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His legendary depiction of John Munch on well-known TV programs, such as “Homicide: Life on the Street” and “Law & Order: Special Victims Unit,” which he served for a record-breaking 23 years from 1993 to 2016, was widely acclaimed.
Moreover, Belzer acted in several well-known movies, including “The Groove Tube,” “Scarface,” “Freeway,” “North,” and “Species II.”
He collaborated with great comics, including John Belushi, Chevy Chase, Bill Murray, and Harold Ramis, on the National Lampoon Radio Hour throughout the 1970s.
John Munch Record
John Munch, who Richard Belzer portrayed for numerous decades, is one of the most enduring TV characters in history. He played the part of a regular cast member on Dick Wolf’s “Law & Order: Special Victims Unit” and the NBC police drama series “Homicide: Life on the Street.”
For the most continuous years playing a single character on television, James Arness and Kelsey Grammer previously held the record, which Belzer’s depiction of Munch shattered.
For 20 seasons, Arness portrayed Marshal Matt Dillon on “Gunsmoke,” and at the same time, Grammer portrayed Dr. Frasier Crane on “Cheers” as well as “Frasier.”
Belzer appeared in 122 episodes of “Homicide” and 325 episodes of “SVU” while portraying Munch for 22 straight seasons spanning 23 years, from 1993 to 2016.
In addition, he played Munch in cameos on many other television shows, such as “The X-Files,” “The Wire,” and “30 Rock.”
Richard Belzer began his career in show business as a stand-up comedian in NYC at the beginning of the 1970s.
He performed in several places, such as Pips, the Improv, and Catch a Rising Star. From 1975 to 1980, Belzer made several guest appearances on “Saturday Night Live” as an audience-warm-up comedian.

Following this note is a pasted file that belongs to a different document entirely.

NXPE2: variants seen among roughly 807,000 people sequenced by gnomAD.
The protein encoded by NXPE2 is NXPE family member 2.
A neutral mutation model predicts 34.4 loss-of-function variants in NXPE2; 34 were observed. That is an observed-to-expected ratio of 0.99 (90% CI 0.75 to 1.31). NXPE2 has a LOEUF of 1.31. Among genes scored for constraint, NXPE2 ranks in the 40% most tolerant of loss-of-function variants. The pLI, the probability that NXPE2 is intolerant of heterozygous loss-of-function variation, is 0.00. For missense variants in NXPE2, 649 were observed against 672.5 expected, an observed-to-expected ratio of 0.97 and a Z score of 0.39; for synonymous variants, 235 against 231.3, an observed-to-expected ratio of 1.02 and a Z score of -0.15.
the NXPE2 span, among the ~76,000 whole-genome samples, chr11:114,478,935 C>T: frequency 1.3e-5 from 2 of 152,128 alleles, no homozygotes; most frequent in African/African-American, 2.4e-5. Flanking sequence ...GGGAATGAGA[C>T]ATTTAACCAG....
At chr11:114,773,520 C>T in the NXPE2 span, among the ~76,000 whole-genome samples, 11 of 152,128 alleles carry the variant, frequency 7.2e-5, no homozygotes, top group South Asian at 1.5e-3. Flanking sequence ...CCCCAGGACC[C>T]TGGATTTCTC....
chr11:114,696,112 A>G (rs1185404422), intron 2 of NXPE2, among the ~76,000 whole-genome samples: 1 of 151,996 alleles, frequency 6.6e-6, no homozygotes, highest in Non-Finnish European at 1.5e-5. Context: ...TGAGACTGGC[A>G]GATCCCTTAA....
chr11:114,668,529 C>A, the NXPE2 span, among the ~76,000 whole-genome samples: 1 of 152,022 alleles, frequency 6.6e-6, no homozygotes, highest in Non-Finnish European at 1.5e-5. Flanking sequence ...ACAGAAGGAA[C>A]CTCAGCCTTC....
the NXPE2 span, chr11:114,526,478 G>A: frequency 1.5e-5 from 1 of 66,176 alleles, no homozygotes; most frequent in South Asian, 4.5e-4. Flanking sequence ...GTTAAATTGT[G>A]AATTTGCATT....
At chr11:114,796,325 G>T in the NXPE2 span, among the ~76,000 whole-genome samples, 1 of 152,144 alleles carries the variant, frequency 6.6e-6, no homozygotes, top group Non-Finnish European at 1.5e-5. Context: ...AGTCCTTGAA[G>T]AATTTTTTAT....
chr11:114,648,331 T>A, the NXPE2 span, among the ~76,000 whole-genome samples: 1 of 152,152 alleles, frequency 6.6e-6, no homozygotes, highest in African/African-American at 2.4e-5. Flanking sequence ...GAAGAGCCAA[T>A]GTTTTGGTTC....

A brief-lived show called “The Richard Belzer Show” debuted in 1984. Belzer then went on to make appearances in several TV programs, such as “Tattingers,” “Moonlighting,” and “Miami Vice.”
He appeared on television more frequently in the 1990s. On the CBS television show “The Flash,” Belzer played a regular role as a news reporter.
He also played Inspector William Henderson role in several outbreaks of “Lois & Clark: The New Adventures of Superman.”
Belzer’s big break came in 1993 when he was cast as Detective John Munch, the lead character, in the homicide drama series “Homicide: Life on the Street.”
The program had a great deal of success and lasted until 1999 for seven seasons.
After it ended, Belzer continued to play John Munch role on “Law & Order: Special Victims Unit,” appearing in 325 episodes until 2016.
In the separate humor “The Groove Tube,” in which he played many characters, Richard Belzer made his film debut in 1974.
He was cast in small roles in “Fame,” “Café Flesh,” “Author! Author!” and “Night Shift,” as well as Brian De Palma’s adaptation of “Scarface” in the early 1980s.
As the decade went on, Belzer made appearances in the comedy movies “The Wrong People,” “The Big Picture,” and “Fletch Lives,” as well as the neo-noir thriller “Freeway.”
During the 1990s, Belzer appeared in several films, including “Off and Running,” “Mad Dog and Glory,” “Dangerous Game,” “North,” “Get on the Bus,” “A Very Brady Sequel,” and “Species II.”
Belzer made an impression on the radio in addition to his work in television and film.
He debuted as a featured performer on the “National Lampoon Radio Hour” in the early 1970s, sharing the stage with Bill Murray, Chevy Chase, Gilda Radner, Harold Ramis, and John Belushi.
In the late 1970s, he co-hosted a “Brink & Belzer” radio program in New York City. Belzer had frequently been featured on “The Howard Stern Show.” He also appeared on the right-wing conspiracy show hosted by Alex Jones.
Conspiracy Theories And Books
In addition to writing several books on the subject, including “Dead Wrong: Straight Facts on the Country’s Most Controversial Cover-Ups” and “UFOs, JFK, and Elvis: Conspiracies You Don’t Have to Be Crazy to Believe,” Belzer was well known for his belief in conspiracy theories surrounding the assassination of John F. Kennedy.